Out in January 2021 from Titan Books, Hall of Smoke by H.M. Long is an exciting debut set in a Viking-inspired world of gods and warrior priestesses. Many thanks to Titan for sending me an early review copy.
Hessa is an Eangi, a priestess of Eang – the Goddess of War. But when the story sets out, she is in disgrace because she failed to follow Eang’s plan to kill a visitor. Off on a mountain to offer prayer and sacrifice to the Goddess, Hessa is absent when her town gets raided and comes back to devastation. A world in which deities walk among mortals and come when called, full of supernatural powers, Hall of Smoke draws you in quickly and doesn’t let you go again. H.M. Long weaves an intricately crafted narrative around the fall of gods, a pantheon on the brink of extinction. Combined with this is a story about colonialization, and the tension between old and new.
Hall of Smoke is well-written and compelling, even if slightly predictable at times. Many of the characters read like archetypes rather than people, especially the deities. It suits the story, which is reminiscent of one told around a campfire over the course of many days. Hessa herself is great, growing into her own and gaining confidence and self-determination over the course of the story. Her life and views are challenged constantly as she tries to regain Eang’s favour. She has to find meaning in a sea of uncertainty and build her own view of the world after everything she has known is upended. Something that I really appreciate about Hall of Smoke is that due to the attack on her town at the beginning of the book, Hessa has to learn to stand on her own, and subsequently this is a book without romance at its centre.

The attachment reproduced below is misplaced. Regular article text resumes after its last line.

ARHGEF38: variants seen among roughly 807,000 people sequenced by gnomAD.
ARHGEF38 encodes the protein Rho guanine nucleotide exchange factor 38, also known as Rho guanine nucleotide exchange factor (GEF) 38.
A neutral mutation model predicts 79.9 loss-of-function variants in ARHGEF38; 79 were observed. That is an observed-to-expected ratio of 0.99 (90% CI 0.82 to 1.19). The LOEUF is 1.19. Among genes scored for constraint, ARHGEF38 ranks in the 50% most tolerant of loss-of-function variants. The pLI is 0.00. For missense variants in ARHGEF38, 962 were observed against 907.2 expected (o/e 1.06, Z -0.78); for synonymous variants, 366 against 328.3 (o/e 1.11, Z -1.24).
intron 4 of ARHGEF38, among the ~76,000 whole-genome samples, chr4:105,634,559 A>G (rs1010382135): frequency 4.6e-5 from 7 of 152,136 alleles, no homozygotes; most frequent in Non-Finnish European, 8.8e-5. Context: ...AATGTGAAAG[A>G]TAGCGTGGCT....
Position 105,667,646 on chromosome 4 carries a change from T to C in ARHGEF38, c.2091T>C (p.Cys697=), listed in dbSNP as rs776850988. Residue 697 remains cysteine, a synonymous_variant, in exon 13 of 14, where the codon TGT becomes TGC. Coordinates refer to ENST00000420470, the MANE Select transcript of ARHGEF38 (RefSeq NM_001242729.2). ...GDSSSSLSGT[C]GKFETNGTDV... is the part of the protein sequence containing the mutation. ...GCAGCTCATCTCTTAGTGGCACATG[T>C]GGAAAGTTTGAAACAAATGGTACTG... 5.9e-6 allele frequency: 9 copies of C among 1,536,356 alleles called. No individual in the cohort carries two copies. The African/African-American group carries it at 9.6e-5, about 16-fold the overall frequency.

Central themes are fallibility and change. Both humans and gods make mistakes and have to figure out a way to make up for them. Moral compasses are less important than survival, giving Hall of Smoke some serious Grimdark vibes. Ultimately, the war between old gods and new will be determined over the course of this story, which ends on a satisfying conclusion. I am both glad and sad that Hall of Smoke is a standalone novel, as I loved the world, but it is also nicely self-contained and does not require any waiting for instalments. A very solid four stars for me, and I can’t wait to see what H.M. Long comes up with next.